The more I listened to "Faithful Axe" the more evident Mike's musicianship became. Not like I needed any more proof. I have long since admired his contributions to FZ recordings and the integrity of his solo projects. Nevertheless, he did a more-than-credible job in crafting this track. While one could argue that some of the guitar quotes are not 100% spot-on (irrelevant in my opinion), the results are impressive. Now when I hear it I don't laugh so much as beam. It really is the "affectionate tribute."
Right, enough gushing.
During this initial odyssey I didn't even know Mike had an e-mail address, much less a web page, and I had no intention of informing him of my efforts. By the time I returned home I had confidently identified nearly thirty-three of the forty-one guitar quotes. The rest certainly sounded familiar, but they were mighty difficult to place. Keep in mind that I was purposely keeping away from the Yes CDs -- I wanted to go on memory alone. Tricky.
A week later I learned that my remaining wisdom teeth had to be removed. Why I only had one tooth out back in 1991 was beyond me, but there you are. At home, drugged-up on copious amounts of penicillin and other elixirs, I briefly forgot about "Axe" and turned to track six: "Top Of Stove Melting." I read the liner notes for the n-th time, and I got to thinking:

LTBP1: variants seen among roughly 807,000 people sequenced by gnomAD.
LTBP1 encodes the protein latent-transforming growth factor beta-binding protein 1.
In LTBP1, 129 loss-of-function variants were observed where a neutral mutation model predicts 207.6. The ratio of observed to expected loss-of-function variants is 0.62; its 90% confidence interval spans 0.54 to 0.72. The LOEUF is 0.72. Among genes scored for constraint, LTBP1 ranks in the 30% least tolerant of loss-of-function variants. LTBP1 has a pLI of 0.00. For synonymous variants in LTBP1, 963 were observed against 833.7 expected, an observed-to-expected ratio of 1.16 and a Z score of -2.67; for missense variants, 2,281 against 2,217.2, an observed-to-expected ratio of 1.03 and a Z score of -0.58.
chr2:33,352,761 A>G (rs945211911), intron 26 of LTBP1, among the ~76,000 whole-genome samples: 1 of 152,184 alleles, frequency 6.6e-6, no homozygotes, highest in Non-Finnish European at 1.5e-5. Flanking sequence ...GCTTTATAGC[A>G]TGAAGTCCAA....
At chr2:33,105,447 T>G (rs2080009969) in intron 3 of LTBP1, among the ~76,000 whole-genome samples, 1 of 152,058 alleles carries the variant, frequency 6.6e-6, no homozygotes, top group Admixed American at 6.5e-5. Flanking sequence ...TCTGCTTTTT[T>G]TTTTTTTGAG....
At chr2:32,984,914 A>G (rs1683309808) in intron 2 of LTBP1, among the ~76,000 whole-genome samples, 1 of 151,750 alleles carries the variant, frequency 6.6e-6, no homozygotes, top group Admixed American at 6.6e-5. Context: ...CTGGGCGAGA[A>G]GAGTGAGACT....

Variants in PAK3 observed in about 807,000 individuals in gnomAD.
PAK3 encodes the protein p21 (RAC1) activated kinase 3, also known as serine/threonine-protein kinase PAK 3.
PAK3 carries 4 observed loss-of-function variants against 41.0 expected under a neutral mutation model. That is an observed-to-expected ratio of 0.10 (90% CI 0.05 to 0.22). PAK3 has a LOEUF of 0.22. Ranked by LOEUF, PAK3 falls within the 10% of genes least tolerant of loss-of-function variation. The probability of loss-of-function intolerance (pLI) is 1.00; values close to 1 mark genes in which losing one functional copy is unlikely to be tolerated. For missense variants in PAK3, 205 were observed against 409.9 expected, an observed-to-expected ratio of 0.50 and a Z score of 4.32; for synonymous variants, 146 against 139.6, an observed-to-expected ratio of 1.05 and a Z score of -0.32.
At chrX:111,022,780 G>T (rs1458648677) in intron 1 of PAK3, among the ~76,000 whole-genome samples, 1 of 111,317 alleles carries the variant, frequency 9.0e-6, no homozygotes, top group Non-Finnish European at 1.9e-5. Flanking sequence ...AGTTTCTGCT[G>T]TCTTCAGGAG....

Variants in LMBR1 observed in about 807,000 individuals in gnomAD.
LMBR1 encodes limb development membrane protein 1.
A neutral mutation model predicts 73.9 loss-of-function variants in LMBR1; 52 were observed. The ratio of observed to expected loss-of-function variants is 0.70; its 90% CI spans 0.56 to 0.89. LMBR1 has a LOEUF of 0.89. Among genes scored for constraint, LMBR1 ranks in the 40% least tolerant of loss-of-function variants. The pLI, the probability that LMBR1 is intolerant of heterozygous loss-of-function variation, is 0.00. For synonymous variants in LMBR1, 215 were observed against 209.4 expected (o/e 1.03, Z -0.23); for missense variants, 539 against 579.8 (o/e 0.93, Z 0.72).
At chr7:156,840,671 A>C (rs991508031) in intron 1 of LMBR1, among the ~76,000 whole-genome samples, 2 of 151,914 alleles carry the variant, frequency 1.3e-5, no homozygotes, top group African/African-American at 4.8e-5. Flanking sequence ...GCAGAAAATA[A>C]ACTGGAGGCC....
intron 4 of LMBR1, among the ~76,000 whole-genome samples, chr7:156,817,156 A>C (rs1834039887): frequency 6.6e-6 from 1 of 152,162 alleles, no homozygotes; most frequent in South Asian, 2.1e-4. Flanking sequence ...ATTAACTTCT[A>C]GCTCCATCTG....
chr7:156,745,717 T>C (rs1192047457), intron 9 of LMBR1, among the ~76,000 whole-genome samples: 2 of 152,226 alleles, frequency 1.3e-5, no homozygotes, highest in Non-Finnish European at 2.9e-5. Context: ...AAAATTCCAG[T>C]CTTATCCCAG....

"Mystery lyrics? Bagels? That's right, I read this when I got the CD. Well, someone must've figured this out by now. Oh, I'll try, just for fun. Not like I'm doing much more around the house. Lessee here: <play ... click ... scribble ... replay ... click ... scribble ... replay ... click ... scribble>. Hey, this might be it. How soon can I mail this out? Maybe he has a web page: <AltaVista ... click> Zoinks! He even has e-mail ... at A-O-Hell. Eh. It'll have to do. Say ... I wonder if Mike would want to keep score for my Acquired Axe Affliction? Worth a shot -- I'll take care of both at once."
So off goes the e-mail at 11:31pm on 2/8/96, which described everything in gory detail (the e-mail was entitled "Son of Walden"). I continued on my road to recovery.